–Diego, hasta luego. Nos vamos temprano hoy.

–Ahh, excelente, cuidense, qué estén bien.

#3 Qué te vaya bien

If you are going to use this phrase, then what you’re saying exactly is:  I hope it goes well.

“Qué te vaya bien” is using the pronoun “tú” implicitly, but if you’d like it to sound formal, then you may say: 

  • Qué le vaya bien (usted).

Of course, this is another way to say goodbye, a very particular way to fare well in Spanish.

It’s also very common to say this when you just want to wish someone a good day. 

Like when you go to a store, you buy something, and then the cashier wishes you a good day like this:

–¿Cuánto es?

–Son 24.000 pesos.

–Tome, muchas gracias. 

–Gracias a usted. Hasta luego. Qué le vaya bien.

Related: 55 Different words and phrases to say goodbye in Spanish + 17 unique Colombian ways to say bye.

Now for talking to a group of people, you would need to use the pronoun “ustedes”, and if we say that implicitly, then we’d get:

  • Qué les vaya bien.

#4 Qué tengas un bonito día 

The translation for this one would be “I hope you have a beautiful day”.

I think this is a very poetic way to wish a good day in Spanish. Some people even replace the word “bonito”, with “hermoso”, like this:

  • Qué tengas un bonito día.
  • Qué tengas un hermoso día.

If you use the pronoun “usted”, and if you’re telling this to someone you have a close relationship with, then you’ll probably sound like you are mad or like if you were being sarcastic.

Now, if you use it under a formal context, like when you wish a good day to your customers, then it’ll sound very appropriate and educated.

  • Qué tenga un bonito día.
  • Qué tenga un hermoso día.

That’s weird, right? It’s as if being formal was offensive in close and intimate relationships. Here’s an example of how a conversation like that would sound:

–¿Por qué estás tan seria hoy?

–Piense a ver qué fue lo que usted hizo.

–¿Qué? No te entiendo. 

–Cómo sea, me tengo que ir. Qué tenga un bonito día.

Man, if you’re wife talks like that to you, she’s mad… really mad!

#5 Buen día

This is an abbreviated way to say the previous sentence.

It means: “good day”, and people might say it just as when you say “have a good day” in English. Like in the following example:

–Muchas gracias por todo. Nos vemos la próxima semana.

–Listo, gracias por venir. Buen día.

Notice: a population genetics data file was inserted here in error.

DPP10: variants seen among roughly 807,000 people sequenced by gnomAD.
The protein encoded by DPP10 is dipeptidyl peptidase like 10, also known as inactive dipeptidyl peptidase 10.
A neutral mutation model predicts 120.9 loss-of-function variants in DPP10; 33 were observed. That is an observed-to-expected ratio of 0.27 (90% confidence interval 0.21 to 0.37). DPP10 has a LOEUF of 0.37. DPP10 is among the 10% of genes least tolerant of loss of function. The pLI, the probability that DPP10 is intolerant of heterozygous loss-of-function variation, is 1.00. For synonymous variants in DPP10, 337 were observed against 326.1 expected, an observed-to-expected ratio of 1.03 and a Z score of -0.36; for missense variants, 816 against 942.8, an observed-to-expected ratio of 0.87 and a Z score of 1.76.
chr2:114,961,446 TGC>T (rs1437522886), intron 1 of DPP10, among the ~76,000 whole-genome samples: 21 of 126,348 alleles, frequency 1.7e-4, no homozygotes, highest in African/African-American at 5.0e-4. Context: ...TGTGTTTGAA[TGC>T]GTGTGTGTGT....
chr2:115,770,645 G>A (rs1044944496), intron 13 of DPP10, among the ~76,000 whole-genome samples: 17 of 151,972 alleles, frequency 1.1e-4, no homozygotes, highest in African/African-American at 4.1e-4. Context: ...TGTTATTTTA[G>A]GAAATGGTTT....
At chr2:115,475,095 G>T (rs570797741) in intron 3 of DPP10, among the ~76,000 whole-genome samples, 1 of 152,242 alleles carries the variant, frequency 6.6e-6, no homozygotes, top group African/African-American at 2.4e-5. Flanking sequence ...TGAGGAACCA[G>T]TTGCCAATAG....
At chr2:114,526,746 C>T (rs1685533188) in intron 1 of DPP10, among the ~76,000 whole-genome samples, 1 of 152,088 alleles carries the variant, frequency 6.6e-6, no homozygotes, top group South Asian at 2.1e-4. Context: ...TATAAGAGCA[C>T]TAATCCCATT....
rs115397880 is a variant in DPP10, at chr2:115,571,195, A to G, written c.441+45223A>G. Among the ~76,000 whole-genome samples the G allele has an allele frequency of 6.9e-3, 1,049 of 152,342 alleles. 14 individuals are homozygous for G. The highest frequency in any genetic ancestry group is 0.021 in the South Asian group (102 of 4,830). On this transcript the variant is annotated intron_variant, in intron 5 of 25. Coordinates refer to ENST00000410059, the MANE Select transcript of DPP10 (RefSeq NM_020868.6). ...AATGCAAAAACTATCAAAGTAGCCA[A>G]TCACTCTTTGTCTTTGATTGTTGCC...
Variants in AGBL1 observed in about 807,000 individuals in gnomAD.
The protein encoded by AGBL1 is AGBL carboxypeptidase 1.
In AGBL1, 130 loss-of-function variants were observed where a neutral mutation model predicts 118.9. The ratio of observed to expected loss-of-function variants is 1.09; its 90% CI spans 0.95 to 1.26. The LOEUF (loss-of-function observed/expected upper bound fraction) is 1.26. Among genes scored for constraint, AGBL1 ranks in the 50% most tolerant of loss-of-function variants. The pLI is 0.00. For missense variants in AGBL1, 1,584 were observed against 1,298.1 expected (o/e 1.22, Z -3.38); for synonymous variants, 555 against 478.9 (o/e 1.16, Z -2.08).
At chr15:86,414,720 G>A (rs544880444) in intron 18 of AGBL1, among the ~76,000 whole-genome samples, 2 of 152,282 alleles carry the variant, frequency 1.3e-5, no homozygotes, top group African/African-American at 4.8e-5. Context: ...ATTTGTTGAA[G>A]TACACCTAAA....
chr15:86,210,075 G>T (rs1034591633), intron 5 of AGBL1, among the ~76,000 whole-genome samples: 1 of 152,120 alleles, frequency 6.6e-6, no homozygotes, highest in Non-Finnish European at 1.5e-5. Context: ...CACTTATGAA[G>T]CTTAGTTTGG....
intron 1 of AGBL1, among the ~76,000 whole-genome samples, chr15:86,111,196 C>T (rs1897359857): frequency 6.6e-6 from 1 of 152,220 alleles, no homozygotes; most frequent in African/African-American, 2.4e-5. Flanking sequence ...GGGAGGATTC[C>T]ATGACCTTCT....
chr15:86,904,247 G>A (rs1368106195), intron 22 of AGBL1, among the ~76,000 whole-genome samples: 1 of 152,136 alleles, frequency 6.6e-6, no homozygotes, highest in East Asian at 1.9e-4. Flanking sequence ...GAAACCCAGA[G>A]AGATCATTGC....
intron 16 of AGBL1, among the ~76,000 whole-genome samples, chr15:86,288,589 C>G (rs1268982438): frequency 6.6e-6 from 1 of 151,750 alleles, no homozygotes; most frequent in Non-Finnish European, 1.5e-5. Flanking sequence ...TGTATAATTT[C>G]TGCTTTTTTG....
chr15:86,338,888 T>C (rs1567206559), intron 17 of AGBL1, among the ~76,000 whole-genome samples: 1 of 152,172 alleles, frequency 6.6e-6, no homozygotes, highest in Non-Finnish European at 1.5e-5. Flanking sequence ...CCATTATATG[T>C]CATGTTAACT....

Interestingly, this phrase also works for saying good morning in Spanish, like this: 

–Hola buen día, ¿sabe donde puedo encontrar el hospital?

–Buen día, voltee en la próxima esquina. Ahí lo encuentra.

I have to add that this short phrase sounds formal, and it’s not being affected by any pronoun. 

#6 Feliz día

The translation for this is “happy day”.

It’s funny, it’s not very common to wish another person a good day using this phrase in Spanish, but recently, a friend responded to a message I sent her like this:

Me: Hola, Jenny. ¿Cómo les fue en el viaje? ¿Cómo está la carretera? Mi esposa y yo vamos a viajar hoy por ese mismo camino.

Friend: Feliz día, Diego. La carretera está muy mala, nos tomó casí 11 horas llegar a Medellín.

You need to be prepared to hear or see messages like this in conversations. 

In my opinion, “Feliz día” sounds more like to use it at the end of a letter, like this:

Apreciado Diego:

Muchas gracias por el artículo que escribiste en tu blog esta mañana. Aprendí muchas maneras de decir “have a good day” in Spanish. 

Feliz día,


#7 Te deseo el mejor de los días.

If we translate this sentence into English, then we’ll get:

I wish you the best of the days

This is a kind way to tell someone that your desire is for him or her to have a nice day in Spanish.

Does that sound poetic to you? Then it’s good to use on your significant other or even with your customers if you want to treat them as special people, like in the following example: 

–Muchas gracias por su compra.

–A usted por su amabilidad.

–Le deseo el mejor de los días.



And there you go, these are seven different ways to tell someone to have a good day in Spanish.

As a quick summary, here’s the list of the different phrases and sentences we had today: 

  1. Qué tengas un buen día
  2. Qué estés bien
  3. Qué te vaya bien
  4. Qué tengas un bonito día
  5. Buen día
  6. Feliz día
  7. Te deseo el mejor de los días. 

If you know another way to express this idea in Spanish, then don’t hesitate to share it with me in the comments below: 

Diego Cuadros is a blogger and a Spanish online teacher. He uses stories to help Spanish lovers understand fast-speaking native speakers, so they don't freeze and panic in conversations.

Leave a Comment